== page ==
Walking holidays in Spain are dominated by the hugely popular and, in all honesty, often overly-busy Camino de Santiago (commonly just the Camino, or Way of St James in English).

This world-famous pilgrimage route that, since the eighth century, has led devotees of St James to his namesake city, Santiago de Compostela in Galicia, today draws hikers in their hundreds of thousands.

Whether or not it’s for you depends on your tolerance for crowds. If you prefer a quieter experience, I highly recommend you don’t write Spain off entirely – there’s more spectacular (and much quieter) walking to be found elsewhere.

Some of my favourites include the gleaming, jagged summits of the Picos de Europa in the north, the almond-blossom-strewn Sierra Nevada in Andalucia, on sun-soaked Mallorca and Menorca, through the canyons of Catalonia – in short, whether you like your walking cooled by mountain winds or sea breezes, there’s a trail to suit.

The best walking holidays in Spain

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Spain Cares Gorge

Cares Gorge in the Picos de Europa

Planning a Spain walking holiday

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The half-day hike through the vertiginous Cares Gorge in the Picos de Europa must rank as the one of the continent’s finest short walks: spy semi-wild goats, sky-piercing crags, and griffon and bearded vultures soaring above. It's very popular, but worth sharing the trail. The Caldera de Taburiente hike on La Palma – northwesternmost of the Canaries, and reputedly the world’s steepest island – is the pick of the routes on this volcanic speck, laced with hundreds of kilometres of trails.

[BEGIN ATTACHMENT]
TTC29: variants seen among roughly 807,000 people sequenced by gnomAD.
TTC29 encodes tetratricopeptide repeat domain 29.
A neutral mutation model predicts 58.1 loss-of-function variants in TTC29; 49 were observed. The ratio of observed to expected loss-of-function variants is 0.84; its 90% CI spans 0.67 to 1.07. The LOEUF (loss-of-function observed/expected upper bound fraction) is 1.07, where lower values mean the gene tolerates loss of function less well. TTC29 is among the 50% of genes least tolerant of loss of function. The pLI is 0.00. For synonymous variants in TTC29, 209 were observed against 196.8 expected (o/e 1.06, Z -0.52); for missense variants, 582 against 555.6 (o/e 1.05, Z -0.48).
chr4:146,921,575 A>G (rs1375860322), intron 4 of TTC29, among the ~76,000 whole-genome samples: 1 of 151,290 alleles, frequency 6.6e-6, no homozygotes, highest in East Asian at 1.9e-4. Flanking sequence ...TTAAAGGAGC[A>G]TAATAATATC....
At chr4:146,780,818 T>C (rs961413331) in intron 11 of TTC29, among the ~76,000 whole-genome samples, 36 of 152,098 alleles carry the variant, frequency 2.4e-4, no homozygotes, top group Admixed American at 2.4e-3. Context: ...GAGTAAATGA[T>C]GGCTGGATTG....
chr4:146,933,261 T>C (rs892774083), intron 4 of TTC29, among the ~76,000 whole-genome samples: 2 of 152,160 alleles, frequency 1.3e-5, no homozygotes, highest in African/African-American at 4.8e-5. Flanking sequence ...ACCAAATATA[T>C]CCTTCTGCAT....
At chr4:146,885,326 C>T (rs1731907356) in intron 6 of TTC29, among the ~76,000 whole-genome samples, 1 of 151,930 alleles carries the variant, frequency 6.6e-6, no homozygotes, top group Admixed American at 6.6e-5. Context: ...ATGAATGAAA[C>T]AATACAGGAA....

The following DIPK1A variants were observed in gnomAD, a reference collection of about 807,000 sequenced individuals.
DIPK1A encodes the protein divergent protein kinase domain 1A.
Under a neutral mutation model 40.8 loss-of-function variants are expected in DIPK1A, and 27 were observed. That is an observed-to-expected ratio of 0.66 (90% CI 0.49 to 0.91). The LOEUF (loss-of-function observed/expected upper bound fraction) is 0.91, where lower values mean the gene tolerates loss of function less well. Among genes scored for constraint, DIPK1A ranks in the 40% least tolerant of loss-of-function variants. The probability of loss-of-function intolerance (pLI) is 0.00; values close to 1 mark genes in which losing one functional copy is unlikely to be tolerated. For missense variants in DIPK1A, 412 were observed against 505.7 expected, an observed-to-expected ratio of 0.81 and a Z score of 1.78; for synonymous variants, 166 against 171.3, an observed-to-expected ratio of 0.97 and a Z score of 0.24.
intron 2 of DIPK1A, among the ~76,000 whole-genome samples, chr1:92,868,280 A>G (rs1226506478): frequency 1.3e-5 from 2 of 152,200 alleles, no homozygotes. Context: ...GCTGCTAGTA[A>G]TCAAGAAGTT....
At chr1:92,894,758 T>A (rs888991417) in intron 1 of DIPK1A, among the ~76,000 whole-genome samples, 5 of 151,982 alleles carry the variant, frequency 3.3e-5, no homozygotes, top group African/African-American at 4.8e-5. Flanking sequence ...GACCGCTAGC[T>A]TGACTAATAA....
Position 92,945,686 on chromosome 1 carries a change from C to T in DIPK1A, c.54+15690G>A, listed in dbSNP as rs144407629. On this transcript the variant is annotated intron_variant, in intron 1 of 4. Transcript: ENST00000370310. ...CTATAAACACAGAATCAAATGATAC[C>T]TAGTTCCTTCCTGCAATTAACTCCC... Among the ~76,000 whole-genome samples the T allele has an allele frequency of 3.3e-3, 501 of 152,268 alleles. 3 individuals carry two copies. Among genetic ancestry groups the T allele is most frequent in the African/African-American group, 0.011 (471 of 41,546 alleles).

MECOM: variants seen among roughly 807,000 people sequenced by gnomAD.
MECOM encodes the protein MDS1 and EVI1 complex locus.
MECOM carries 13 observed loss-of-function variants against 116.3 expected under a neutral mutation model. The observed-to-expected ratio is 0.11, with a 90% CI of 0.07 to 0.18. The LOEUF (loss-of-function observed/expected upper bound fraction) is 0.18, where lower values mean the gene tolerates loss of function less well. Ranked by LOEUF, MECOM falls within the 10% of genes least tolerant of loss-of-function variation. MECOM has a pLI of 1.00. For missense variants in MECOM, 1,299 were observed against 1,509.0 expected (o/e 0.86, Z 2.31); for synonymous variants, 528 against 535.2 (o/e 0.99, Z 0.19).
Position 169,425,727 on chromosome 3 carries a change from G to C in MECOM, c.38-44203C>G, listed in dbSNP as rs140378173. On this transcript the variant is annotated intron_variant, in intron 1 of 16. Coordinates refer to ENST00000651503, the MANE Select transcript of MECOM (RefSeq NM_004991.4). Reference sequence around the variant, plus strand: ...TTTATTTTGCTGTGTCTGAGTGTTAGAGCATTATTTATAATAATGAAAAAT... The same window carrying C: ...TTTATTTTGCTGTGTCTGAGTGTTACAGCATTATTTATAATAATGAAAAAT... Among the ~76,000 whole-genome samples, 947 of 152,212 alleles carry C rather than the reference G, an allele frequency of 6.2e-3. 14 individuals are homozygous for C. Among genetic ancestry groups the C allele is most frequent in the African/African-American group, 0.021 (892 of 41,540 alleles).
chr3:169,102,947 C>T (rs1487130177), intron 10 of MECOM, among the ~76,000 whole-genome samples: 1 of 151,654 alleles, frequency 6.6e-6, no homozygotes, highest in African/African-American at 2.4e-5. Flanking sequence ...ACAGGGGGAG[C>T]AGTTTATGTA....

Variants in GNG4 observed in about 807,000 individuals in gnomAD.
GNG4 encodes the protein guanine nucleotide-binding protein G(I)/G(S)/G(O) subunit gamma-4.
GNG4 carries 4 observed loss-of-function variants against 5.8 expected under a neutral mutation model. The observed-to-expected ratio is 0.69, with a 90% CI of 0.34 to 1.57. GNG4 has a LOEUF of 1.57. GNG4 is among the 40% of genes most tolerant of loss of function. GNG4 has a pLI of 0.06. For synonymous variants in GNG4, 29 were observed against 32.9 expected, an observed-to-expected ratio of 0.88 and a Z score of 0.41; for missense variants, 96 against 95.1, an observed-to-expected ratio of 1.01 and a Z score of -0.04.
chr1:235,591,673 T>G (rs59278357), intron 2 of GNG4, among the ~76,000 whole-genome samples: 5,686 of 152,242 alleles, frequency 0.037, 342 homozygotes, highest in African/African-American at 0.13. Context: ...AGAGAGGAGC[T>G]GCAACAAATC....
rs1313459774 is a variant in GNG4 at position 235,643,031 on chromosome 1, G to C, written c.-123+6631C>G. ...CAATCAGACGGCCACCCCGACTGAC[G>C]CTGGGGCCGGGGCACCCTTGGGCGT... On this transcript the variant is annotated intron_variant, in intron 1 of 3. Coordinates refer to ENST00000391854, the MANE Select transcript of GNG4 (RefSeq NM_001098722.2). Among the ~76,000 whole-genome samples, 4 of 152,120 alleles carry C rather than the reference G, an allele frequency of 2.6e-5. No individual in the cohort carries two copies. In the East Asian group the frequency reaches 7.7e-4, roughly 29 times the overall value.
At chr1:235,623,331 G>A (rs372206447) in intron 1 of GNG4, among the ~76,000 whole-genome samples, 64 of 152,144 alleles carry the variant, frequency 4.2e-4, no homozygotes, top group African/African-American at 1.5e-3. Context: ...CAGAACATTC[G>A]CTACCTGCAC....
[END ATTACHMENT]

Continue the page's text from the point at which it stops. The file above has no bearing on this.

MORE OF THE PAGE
Need to know

Accommodation in hotels and hostals, food and transport are generally good value in Spain; on pilgrimage routes such as the Camino de Santiago, you can bed down in albergues (simple pilgrim hostels) for a few euros, though you’ll generally need a credencial (‘pilgrim passport’) to qualify. Northern Spain, particularly Galicia, is often wet; the south, notably Andalucia and the islands, tends to be drier, but too hot for hiking in high summer.

Top walking holidays

The Camino is actually not one path but many; best known is the Camino Frances, stretching nearly 800km west from Saint-Jean-Pied-de-Port across northern Spain to Santiago – long, busy, but not especially tough. Several other caminos reach the city from various points in France, Spain and Portugal, each with its own appeal. The Alpujarras, the foothills of the Sierra Nevada south of Granada, are studded with alluring villages and reminders of the Moorish era; the GR7 trail, Spain’s first marked long-distance path, traverses this region. The GR11 trail along the Pyrenees is covered in that earlier section, above.

About the author

The best walking holidays in Spain

Paul Bloomfield

Paul is an award-winning travel journalist writing on walking and hiking in Europe and beyond for the likes of the Telegraph, The Times, Wanderlust, Lonely Planet, BBC Wildlife and National Geographic Traveller.

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